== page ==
This study establishes that Islamic religiosity and branding could further increase the predictive power of financial literacy on SMEs’ performance. This study concludes that efforts to improve financial literacy should be religion-based as well as culture-based depending on where the SMEs are located so that specific strategies can be implemented, to enable the conducive growth of the SMEs and maximize the contribution of the SMEs to economic growth.

Details

Journal of Islamic Marketing, vol. ahead-of-print no. ahead-of-print
Type: Research Article
ISSN: 1759-0833

Keywords

To view the access options for this content please click here
Article
Publication date: 1 May 1993

Gbadebo Oyeniran Oyelekan

The ultimate aim of \ill\ mass literacy campaigns by the FederalGovernment \ill\ Nigeria in September 1982 was to eradicate illiteracyin Nigeria by the year 2000…

Abstract

The ultimate aim of \ill\ mass literacy campaigns by the Federal Government \ill\ Nigeria in September 1982 was to eradicate illiteracy in Nigeria by the year 2000. Subsequently, several agencies such as the National Commission for Mass Literacy, Adult and Non‐formal Education; Agency for Mass Literacy, etc. were established to achieve this objective. But the library has not been considered as an important agent for promoting mass literacy campaigns. Discusses the roles of the library in the promotion of literacy and suggested strategies to adopt for using the library for mass literacy campaigns in Nigeria.

Details

New Library World, vol. 94 no. 5
Type: Research Article
ISSN: 0307-4803

Keywords

To view the access options for this content please click here
Article
Publication date: 22 March 2011

Maryam Derakhshan and Diljit Singh

The purpose of this paper is to focus on academics' point of view towards integration of information literacy into the curriculum.

Abstract

Purpose

The purpose of this paper is to focus on academics' point of view towards integration of information literacy into the curriculum.

Design/methodology/approach

This meta‐synthesis analyzed 48 journal articles that examined issues related to integration information literacy into the curriculum. Using the Stevick‐Colaizzi‐Keen method, a meta‐synthesis of seven studies was conducted.

Findings

This process revealed four themes that outline issues related to the academics perspective: collaboration; information literacy pedagogy; information literacy skills; and knowledge.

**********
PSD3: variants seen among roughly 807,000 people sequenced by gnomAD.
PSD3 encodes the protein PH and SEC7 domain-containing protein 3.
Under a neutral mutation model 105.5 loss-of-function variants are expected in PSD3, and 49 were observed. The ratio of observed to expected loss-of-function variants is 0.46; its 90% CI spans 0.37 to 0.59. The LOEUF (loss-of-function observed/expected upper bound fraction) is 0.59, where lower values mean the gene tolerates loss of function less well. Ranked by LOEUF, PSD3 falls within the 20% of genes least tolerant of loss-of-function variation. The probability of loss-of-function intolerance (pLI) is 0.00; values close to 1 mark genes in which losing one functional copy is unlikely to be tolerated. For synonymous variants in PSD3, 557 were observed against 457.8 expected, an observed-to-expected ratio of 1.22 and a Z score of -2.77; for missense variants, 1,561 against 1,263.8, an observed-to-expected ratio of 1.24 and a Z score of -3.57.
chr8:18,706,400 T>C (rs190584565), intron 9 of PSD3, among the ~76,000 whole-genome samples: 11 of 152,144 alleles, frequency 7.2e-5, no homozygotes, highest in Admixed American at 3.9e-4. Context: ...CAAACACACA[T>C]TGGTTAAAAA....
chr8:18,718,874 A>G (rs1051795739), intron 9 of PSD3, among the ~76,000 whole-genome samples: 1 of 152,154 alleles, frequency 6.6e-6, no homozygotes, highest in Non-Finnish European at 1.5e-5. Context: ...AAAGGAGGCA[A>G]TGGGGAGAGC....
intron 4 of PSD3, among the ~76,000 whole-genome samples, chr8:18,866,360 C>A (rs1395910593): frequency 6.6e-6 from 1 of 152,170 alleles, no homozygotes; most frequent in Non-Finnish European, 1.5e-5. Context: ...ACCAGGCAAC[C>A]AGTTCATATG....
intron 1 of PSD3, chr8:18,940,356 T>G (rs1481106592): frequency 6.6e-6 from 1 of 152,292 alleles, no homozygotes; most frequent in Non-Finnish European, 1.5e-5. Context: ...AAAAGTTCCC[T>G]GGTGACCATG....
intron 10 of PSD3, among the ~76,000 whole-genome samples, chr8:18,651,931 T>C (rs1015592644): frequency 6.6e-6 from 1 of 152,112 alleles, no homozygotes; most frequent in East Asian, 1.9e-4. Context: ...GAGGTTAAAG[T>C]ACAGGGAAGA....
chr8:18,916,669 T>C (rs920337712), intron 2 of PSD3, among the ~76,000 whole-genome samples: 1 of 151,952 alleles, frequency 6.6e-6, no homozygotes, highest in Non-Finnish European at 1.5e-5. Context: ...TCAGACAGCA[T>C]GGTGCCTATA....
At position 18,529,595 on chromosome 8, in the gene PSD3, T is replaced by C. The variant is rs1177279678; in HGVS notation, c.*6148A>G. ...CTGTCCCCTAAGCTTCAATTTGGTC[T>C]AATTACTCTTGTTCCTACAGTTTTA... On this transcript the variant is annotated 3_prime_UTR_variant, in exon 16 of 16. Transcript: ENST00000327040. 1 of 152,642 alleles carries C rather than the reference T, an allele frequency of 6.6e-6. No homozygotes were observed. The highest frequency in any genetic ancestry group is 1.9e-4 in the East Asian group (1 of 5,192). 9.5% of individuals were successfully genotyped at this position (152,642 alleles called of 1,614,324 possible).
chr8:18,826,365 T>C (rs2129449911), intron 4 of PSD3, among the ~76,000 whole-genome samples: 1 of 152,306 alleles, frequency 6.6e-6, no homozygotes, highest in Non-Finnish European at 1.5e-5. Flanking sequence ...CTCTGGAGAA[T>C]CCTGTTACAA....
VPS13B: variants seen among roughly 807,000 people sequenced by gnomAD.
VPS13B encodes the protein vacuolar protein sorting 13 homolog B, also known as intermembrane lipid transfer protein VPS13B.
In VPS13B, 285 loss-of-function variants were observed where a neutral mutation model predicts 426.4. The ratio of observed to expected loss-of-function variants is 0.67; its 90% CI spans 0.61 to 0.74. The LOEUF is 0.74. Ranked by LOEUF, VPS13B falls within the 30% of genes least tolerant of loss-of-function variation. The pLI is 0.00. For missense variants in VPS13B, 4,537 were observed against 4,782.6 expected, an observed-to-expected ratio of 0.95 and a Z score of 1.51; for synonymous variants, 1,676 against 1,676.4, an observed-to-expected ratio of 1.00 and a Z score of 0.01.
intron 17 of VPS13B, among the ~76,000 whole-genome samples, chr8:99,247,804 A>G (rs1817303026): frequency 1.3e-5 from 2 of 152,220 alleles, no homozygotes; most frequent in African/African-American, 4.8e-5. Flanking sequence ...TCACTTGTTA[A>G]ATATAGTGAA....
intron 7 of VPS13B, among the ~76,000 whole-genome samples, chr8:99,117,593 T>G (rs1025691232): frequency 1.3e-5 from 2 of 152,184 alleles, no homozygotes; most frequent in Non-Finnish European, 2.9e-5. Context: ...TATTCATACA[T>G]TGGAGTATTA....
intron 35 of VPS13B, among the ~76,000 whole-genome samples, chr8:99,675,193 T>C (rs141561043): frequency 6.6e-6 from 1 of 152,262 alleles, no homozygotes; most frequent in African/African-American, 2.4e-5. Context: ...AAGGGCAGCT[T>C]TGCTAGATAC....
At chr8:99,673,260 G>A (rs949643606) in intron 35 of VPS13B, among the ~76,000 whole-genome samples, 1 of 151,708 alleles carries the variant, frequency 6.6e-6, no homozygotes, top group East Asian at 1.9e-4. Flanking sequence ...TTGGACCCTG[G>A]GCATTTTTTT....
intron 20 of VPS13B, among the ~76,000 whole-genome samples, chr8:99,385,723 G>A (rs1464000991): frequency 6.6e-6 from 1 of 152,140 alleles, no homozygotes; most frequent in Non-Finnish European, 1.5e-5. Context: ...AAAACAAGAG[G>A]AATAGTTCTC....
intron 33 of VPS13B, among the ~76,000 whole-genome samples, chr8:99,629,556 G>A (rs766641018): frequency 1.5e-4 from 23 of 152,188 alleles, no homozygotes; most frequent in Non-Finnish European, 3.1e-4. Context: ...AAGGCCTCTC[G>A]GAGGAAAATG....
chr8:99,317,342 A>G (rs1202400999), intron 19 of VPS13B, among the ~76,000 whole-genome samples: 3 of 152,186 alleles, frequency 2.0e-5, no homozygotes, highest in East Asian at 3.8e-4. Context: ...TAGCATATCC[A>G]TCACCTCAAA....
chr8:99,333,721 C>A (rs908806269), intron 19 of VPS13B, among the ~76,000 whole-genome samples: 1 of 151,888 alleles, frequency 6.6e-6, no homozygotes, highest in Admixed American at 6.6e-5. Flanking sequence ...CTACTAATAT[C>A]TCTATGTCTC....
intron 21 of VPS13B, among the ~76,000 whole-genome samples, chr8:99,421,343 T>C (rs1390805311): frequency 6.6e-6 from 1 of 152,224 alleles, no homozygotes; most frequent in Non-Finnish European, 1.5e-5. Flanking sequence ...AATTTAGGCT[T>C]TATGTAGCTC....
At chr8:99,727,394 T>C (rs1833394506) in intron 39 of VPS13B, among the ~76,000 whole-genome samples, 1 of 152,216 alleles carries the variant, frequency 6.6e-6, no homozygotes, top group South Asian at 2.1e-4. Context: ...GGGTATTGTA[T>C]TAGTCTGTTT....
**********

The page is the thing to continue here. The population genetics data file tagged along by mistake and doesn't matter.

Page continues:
Research limitations/implications

As this is a literature review, one limitation is lack of literature on perceptions towards information literacy. The issue will be examined further with a wider population.

Practical implications

These results suggest that more knowledge is needed to integrate information literacy into the curriculum to prepare information literate students who can effectively learn information literacy skills and research strategies to be lifelong learners.

Originality/value

The paper explores academics' perceptions towards information literacy and shows the importance of their perceptions as a key step towards embedding its successful adoption.

Details

Library Review, vol. 60 no. 3
Type: Research Article
ISSN: 0024-2535

Keywords

To view the access options for this content please click here
Article
Publication date: 11 January 2008

Aparna Mitra and Pooja Singh

The purpose of the paper is to highlight the differences in literacy and schooling attainment among the scheduled tribe women in India.

Abstract

Purpose

The purpose of the paper is to highlight the differences in literacy and schooling attainment among the scheduled tribe women in India.

Design/methodology/approach

The paper uses data from the Census of India, Department of Education in India, and National Human Development Report prepared by the Government of India.

Findings

The high status of women among the tribal groups in the northeastern states has important effects on the literacy rates, enrollment ratios and dropout rates of girls in that region. High‐poverty rates pose to be significant obstacles in attaining literacy and education among tribal women in India. However, large differences in literacy rates in the various states in India show that social and cultural norms, proximity to the mainstream Hindu culture, and the role of women are also important determinants in achieving literacy among tribal women.

Originality/value

Literacy is considered to be an important tool for improving the status of women among the scheduled tribes. Aggregate statistics often paint a dismal picture of the low‐literacy rates and schooling among the scheduled tribe women. This paper shows that such statistics fail to capture the different trends in literacy rates and value placed in schooling among the various tribal groups in India. Differences in economic, social, and cultural backgrounds among the various tribes need to be emphasized in order to understand the differential nature of investments in literacy rates and schooling among tribal women in India.

Details

International Journal of Social Economics, vol. 35 no. 1/2
Type: Research Article
ISSN: 0306-8293

Keywords

1 – 10 of over 22000